As write operations on Solid State Disks (SSD) are expensive the tips below are focused on SSD usage but also apply to HDD usage as well.
My Ubuntu 9.04 Jaunty /etc/fstab after a fresh installation:
[...]My tuned Ubuntu 9.04 Jaunty /etc/fstab:
UUID=d818ddf9-ff01-e21a-a67d-3ceab43a9e2b / ext4 relatime,errors=remount-ro 0 1
UUID=0d339122-74e0-e0ea-805a-7879b1fa3172 /home ext4 relatime 0 2
UUID=d818ddf9-ff01-e21a-a67d-3ceab43a9e2b / ext4 noatime,barrier=0,nobh,commit=100,nouser_xattr 0 1
UUID=0d339122-74e0-e0ea-805a-7879b1fa3172 /home ext4 noatime,barrier=0,data=writeback,nobh,commit=100,nouser_xattr 0 2
- The default data mode is ordered. This mode provides only meta-data journaling which is similar to the default data mode in ReiserFS, XFS, and JFS. Enabling this option on the root partition, caused an error during boot time. So enable this option only on non-root partitions!
- Implies data=writeback; Avoids buffer heads to data pages association.
- The default value is barrier=1 (activated). Deactivating write barriers in the jbd code will improve the performance. If you don't have a battery-backed storage environment, you should not deactivate this mount option.
- Deactivates the file access time modification which is basically a write operation that should be avoid on SSDs.
- This is a faster alternative to the atime (default) option. You can set it, if you need the file access times to be set. However it is still responsible for write operations which should be avoid -- especially on SSDs.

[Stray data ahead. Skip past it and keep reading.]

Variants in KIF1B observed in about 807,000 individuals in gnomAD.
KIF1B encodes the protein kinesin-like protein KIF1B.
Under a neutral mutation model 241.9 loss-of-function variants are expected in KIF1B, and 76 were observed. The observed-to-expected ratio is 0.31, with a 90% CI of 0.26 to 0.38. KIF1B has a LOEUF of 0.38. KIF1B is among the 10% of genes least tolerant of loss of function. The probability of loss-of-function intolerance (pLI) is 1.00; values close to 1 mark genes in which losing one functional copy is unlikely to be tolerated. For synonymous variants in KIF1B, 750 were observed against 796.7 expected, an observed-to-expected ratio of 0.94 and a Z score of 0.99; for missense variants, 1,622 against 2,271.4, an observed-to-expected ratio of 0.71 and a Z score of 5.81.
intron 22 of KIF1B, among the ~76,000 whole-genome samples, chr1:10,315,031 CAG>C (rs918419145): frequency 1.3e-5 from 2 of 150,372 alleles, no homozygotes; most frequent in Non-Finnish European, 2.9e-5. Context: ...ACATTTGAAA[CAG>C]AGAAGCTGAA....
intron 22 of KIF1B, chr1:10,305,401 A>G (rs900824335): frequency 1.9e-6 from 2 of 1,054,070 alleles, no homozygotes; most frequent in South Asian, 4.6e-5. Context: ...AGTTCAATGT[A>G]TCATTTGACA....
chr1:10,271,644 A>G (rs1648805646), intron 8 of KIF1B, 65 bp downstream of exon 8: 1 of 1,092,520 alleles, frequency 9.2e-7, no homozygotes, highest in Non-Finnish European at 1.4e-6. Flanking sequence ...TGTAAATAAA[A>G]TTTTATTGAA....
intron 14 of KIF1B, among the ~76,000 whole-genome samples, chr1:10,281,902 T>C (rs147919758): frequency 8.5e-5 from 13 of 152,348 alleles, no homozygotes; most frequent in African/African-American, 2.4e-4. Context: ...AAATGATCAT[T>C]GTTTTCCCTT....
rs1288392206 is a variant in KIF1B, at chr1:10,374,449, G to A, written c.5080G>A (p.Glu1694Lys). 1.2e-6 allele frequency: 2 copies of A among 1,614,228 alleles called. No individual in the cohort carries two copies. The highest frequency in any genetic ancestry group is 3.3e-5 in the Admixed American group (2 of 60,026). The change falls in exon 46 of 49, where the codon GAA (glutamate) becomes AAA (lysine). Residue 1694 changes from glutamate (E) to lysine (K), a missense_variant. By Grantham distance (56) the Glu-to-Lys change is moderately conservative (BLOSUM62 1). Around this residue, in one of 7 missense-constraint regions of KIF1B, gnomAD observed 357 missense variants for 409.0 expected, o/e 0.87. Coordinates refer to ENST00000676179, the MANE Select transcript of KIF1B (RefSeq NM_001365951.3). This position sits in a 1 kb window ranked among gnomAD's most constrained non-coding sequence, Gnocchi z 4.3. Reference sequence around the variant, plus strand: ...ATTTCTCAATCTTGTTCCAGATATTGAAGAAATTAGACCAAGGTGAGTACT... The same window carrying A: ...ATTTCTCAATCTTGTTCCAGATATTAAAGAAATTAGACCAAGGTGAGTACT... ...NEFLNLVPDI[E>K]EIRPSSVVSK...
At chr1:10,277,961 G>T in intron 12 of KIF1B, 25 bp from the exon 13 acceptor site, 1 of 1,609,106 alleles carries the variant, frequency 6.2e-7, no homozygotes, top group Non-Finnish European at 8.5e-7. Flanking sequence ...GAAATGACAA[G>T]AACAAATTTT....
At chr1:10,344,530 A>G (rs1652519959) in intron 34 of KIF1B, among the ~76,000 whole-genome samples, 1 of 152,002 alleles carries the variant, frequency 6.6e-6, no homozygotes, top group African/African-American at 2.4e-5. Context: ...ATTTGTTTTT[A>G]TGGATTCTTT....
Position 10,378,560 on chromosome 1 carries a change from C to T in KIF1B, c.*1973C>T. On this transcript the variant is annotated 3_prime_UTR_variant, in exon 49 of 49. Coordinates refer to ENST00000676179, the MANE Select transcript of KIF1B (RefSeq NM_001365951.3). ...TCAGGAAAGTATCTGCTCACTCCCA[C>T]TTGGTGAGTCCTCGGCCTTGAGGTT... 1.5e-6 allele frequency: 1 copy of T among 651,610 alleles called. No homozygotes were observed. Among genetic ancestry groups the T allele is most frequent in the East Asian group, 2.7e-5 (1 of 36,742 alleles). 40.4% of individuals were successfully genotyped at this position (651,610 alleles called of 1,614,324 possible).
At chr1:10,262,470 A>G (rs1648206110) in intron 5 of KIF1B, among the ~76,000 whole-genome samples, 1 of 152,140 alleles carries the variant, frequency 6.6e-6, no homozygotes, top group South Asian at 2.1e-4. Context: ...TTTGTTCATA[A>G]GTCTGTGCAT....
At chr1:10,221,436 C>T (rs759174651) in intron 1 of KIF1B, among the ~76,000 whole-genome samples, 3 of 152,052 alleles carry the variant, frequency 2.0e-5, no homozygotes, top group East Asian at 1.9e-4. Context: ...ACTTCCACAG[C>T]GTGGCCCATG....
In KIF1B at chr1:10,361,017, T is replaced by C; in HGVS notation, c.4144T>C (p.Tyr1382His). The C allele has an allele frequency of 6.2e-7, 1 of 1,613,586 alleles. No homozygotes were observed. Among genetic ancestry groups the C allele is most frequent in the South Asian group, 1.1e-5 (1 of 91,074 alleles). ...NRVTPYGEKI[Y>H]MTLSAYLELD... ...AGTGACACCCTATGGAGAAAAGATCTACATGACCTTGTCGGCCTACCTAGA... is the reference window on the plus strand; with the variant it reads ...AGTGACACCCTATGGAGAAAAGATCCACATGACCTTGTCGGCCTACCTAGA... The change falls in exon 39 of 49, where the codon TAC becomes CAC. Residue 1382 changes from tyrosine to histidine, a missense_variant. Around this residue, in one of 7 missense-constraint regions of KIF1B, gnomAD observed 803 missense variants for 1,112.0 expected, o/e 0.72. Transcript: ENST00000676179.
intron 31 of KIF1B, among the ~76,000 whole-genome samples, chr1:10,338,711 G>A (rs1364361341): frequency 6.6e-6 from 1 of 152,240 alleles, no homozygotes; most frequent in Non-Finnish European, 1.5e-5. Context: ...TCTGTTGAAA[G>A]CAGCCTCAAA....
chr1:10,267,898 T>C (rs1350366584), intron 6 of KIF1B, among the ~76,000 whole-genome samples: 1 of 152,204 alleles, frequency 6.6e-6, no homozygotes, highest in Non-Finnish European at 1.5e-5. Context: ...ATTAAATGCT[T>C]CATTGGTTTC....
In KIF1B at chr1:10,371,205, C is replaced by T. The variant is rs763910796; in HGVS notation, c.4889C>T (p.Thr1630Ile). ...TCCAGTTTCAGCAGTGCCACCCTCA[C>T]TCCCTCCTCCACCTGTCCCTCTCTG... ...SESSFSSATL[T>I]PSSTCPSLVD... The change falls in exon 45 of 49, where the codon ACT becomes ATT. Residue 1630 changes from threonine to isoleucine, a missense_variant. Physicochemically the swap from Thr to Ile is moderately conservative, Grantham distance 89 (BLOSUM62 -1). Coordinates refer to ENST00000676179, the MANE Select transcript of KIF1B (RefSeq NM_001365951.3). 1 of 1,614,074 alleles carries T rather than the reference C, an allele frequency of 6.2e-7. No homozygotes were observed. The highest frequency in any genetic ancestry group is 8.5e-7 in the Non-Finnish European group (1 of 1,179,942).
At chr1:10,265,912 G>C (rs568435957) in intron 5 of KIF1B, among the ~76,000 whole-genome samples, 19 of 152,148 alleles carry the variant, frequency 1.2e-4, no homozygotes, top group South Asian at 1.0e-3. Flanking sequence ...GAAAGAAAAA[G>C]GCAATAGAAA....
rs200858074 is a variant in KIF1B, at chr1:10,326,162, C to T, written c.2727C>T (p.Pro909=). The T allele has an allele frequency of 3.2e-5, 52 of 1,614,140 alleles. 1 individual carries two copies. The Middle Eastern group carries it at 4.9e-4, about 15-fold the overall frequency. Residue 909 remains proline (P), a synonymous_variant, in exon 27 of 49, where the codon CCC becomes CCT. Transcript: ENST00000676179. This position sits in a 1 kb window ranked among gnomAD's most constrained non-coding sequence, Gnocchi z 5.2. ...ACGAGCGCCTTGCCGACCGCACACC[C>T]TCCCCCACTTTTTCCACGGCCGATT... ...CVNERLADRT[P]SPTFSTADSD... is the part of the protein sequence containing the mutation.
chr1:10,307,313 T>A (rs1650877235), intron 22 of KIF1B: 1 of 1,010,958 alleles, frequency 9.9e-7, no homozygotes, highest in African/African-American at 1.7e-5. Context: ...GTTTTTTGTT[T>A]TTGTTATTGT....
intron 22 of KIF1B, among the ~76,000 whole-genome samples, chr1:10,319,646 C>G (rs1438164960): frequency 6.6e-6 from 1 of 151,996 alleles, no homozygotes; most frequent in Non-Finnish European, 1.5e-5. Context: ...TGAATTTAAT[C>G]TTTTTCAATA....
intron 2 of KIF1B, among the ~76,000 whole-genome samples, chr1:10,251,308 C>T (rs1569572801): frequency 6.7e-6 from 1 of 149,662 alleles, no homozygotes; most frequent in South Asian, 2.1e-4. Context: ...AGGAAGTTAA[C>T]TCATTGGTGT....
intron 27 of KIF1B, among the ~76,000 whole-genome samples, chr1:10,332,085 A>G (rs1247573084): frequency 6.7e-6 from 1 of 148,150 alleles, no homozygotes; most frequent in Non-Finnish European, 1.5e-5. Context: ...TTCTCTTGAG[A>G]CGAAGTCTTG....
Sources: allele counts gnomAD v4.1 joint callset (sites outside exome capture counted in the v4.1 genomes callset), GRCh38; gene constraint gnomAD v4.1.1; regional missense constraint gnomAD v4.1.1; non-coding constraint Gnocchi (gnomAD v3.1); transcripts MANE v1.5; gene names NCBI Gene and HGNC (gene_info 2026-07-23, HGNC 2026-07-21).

- Increases the commit/write interval (default: 5s). Actually it is a sync operation between data and meta-data which is an important data-safety feature.
- Disable Extended User Attributes if you don't need them. If you are using a desktop setup at home (or in a small office network), you may not need this feature.
- Many distribution add also this boot option. In fact this boot option can be omitted without any hesitation as this boot option is set by default.
The main source for these tips was the kernel reference documentation paper of the ext4 file system.
You also may be interested in how to tune ext3 for performance or how to use a swap file instead of a swap partition.
With these pretty aggressive performance settings my data has already survived a couple of crashes (incl. sudden power outages). So I will keep these settings :)
Update 2 (thanks to an anonymous comment!):
To enable the data=writeback on the root (mounted on /) partition boot your machine in recovery mode and execute:
tune2fs -o journal_data_writeback /dev/sdXYAfterwards you can add the data=writeback option to your root partition in your fstab file.